Photo Courtesy Office of the Governor.
May 13, 2012
The General Assembly has the last word Monday on yet another state budget. Good times come and go, but it's even harder in bad times with a state tax system designed for the farm-and-factory state Virginia was long ago.
So maybe the time is right to reform the state tax code, Gov. Bob McDonnell said in an Associated Press interview last week. A tax system that broadens the tax base, lowers overall rates, provides more reliable revenue streams and feels fairer would be an enduring legacy for the Republican governor in the final year of the single, non-renewable term Virginia uniquely allows its governors.
"We have a tax structure that was put together when Virginia was generally an agrarian society 50 years ago," McDonnell said during a flight back to Richmond from a Southside Virginia tour touting economic growth.
Among the changes McDonnell said he is considering are lowering the overall sales and use tax and expanding it to cover services as varied as car repair, tax preparation and pedicures now exempt from the tax. The sales tax is paid now only on retail merchandise.
"We have now carved out more exemptions to the sales tax than we collect," he said. "I think it's time to take a look at all those tax preferences, both in income and sales, and see if there is not some way of looking at those policies and seeing if there is not some way we can save some money and put it into transportation."
"For the longest time, when you basically had a goods-based economy and services were a small minority of your GDP (gross domestic product), nobody worried about it," he said.
McDonnell also said another idea worth pondering is indexing gasoline taxes to inflation rather than a flat 17.5 cents per gallon. Greater automotive fuel efficiency and a reduction in discretionary driving as gasoline prices rise has resulted in diminishing revenue from the tax that is the primary source of money for building and maintaining roads.
"There may be a way to do that in the overall context of tax reform, and that is an issue that I think is needed," he said.
Transportation funding — along with struggling to meet the state's ever-growing share of costs for the federal-state Medicaid program — is a worry McDonnell shares with every predecessor for at least a dozen years. State law gives maintenance of existing roads priority over funding for new road projects, and within a few years, maintenance will consume all available highway revenue unless something changes.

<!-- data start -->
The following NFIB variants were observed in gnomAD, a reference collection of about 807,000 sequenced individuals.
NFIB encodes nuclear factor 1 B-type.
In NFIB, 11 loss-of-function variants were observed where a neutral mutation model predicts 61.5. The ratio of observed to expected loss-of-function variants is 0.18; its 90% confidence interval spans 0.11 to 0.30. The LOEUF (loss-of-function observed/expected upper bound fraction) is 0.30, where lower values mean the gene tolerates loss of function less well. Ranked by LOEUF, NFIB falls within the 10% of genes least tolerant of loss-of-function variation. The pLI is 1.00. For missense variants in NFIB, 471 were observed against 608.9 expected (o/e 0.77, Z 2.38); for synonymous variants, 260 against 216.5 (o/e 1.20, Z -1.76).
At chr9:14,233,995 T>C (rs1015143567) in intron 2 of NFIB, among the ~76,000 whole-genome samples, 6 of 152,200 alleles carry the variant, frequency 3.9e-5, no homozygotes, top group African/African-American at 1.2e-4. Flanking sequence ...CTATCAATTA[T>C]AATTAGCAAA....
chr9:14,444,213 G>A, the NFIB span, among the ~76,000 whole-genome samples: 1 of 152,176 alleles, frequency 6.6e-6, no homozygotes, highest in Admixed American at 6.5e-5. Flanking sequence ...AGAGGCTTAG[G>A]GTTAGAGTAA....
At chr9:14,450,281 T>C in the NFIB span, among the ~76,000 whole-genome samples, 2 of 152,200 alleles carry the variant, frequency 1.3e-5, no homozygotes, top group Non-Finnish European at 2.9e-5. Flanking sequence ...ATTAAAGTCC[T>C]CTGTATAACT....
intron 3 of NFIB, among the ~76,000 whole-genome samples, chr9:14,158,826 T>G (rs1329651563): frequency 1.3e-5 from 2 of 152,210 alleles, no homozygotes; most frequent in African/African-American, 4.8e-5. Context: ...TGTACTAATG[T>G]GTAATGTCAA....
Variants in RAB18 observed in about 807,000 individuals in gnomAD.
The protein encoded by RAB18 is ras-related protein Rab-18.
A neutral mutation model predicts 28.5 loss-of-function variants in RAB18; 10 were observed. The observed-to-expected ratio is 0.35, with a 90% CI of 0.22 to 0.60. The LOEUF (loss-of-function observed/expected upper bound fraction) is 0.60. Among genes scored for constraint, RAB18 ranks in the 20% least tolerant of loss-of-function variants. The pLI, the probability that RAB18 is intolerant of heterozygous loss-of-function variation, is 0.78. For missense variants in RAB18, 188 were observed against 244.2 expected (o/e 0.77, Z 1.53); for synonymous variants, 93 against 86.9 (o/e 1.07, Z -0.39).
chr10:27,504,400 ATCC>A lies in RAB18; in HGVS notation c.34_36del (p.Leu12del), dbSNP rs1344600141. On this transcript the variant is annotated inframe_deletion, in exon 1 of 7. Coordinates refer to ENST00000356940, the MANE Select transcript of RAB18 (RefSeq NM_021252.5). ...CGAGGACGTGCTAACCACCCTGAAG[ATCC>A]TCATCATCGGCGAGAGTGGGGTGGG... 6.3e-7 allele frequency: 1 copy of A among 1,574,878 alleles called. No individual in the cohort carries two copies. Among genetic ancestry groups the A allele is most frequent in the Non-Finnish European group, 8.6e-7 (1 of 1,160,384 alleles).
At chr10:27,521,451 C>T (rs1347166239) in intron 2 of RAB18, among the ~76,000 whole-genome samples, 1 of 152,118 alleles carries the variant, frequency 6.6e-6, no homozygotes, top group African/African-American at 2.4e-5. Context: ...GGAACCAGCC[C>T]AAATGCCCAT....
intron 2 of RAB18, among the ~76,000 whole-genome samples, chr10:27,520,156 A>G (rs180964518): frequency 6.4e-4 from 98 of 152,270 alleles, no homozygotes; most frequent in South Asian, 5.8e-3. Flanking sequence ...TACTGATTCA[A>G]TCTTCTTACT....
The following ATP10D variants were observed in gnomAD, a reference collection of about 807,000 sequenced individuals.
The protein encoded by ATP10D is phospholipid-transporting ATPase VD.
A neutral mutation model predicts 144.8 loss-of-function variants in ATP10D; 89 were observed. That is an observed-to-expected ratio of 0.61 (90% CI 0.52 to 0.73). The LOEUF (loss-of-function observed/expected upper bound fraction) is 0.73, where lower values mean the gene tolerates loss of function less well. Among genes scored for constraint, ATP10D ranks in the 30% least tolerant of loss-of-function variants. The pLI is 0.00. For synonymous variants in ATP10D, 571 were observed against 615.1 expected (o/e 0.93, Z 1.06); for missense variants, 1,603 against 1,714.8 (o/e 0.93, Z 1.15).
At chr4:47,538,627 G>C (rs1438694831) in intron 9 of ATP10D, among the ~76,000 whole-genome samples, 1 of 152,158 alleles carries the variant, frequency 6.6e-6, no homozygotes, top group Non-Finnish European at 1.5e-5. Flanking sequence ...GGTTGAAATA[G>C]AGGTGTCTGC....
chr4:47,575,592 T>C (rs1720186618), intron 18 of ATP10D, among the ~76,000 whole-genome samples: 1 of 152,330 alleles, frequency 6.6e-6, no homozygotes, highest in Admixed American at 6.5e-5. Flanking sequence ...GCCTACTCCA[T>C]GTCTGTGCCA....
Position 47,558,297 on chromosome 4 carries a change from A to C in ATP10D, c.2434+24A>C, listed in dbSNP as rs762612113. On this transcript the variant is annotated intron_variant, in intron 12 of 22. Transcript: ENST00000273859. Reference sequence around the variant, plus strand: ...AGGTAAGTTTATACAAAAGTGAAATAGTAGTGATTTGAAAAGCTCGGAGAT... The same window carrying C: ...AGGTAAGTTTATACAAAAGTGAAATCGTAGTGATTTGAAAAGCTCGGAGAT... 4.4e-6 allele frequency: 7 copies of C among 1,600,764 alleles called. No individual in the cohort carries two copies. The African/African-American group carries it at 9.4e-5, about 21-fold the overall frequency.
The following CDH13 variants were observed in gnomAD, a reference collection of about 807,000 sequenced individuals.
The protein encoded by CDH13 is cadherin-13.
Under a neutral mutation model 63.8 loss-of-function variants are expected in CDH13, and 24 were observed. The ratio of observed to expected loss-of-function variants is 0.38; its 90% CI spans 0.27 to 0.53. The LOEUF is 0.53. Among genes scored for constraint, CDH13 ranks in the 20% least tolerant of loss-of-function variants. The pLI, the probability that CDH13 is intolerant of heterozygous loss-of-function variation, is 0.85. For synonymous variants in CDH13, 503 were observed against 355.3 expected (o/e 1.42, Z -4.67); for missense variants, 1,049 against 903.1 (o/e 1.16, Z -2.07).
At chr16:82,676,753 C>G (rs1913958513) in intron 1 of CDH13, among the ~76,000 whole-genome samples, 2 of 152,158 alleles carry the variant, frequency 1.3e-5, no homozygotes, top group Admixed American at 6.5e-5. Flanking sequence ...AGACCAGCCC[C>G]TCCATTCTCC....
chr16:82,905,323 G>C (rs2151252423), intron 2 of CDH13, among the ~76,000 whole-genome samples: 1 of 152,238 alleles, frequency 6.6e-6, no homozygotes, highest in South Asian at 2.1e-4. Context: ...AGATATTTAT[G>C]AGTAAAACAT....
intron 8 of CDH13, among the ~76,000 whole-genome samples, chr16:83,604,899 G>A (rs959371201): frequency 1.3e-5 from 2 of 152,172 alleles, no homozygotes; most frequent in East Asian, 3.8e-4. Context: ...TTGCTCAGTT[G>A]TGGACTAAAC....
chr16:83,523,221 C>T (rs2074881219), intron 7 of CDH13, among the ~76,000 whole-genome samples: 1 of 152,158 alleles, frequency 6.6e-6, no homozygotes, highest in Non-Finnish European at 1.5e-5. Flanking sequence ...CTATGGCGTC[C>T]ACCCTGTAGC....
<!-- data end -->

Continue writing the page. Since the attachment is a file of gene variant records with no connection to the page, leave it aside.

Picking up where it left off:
"I've been crystal clear that we have a significant problem funding maintenance in the near term," McDonnell said.
"This is not a political statement: it's simply math."
He's already found and used the low-hanging fruit. In the first year of his term, a private, independent audit he commissioned of the Virginia Department of Transportation found about $1 billion sitting unused in obscure agency accounts. That, paired with about $3 million in bonds, comprised the largest single infusion of state money for transportation in more than a generation.
This year, he proposed diverting an increasing share of the state sales tax from the general fund — which pays for core state services such as public schools, health care and public safety — and dedicating it to transportation. The legislature killed the idea, even though it was under total GOP control for the first time in four years.
"I'm going to make one more attempt to address that problem," he said.
He has proposed far greater use of toll roads and public-private partnerships to help address the backlog of transportation needs. New tolls are due on Interstates 95 and 85 at the North Carolina line, and proposed sweeping expansion of U.S. 460 from South Hampton roads to Petersburg would be highly dependent on tolls for financing.
The ground rules for any tax reform is that any new system be "revenue-neutral" at best, meaning there is no net increase in overall tax burden from it — perhaps even some tax relief here and there.
Another imperative, he said, is that it doesn't further deplete tax revenues vital to the finances of Virginia's cities, counties and towns.
A tax McDonnell has long loathed is the tax business owners pay on gross receipts, the Business Profession and Occupational License — or BPOL — tax. A commission he appointed to recommend strategies for economic expansion and job growth in the state recommended that it and the machinery and tool tax be eliminated
The resolutely pro-business governor agrees with the Chamber of Commerce, National Federation of Independent Business, and other business and corporate lobbies that it's an unfair tax because businesses pay it even if they lose money.
But because it's a staple of income for cash-strapped localities, McDonnell said it can't be repealed without finding an alternative source of local revenue. Local government budgets have become even more austere than the state's the past five years as they dealt with the Great Recession and a housing market collapse that undercut real property values and the taxes paid on them, the leading source of revenue for localities in Virginia. At the same time, unfunded demands on their resources mandated by the state and federal governments have forced deep cuts in many places to local services, tax increases in others and a blend of the two across the state.
Tax reform is not new on McDonnell's wish list. His first year was spent trying to balance a state budget ravaged by a brutal economy. Now, with six consecutive quarters of modest growth in state general tax collections, the time might be right.
"There wasn't the political will in a down economy when we were cutting in so many other areas to take on what is always a politically difficult task of reforming the tax code," McDonnell said. "We're going to start taking a look at those things over the course of this next year."
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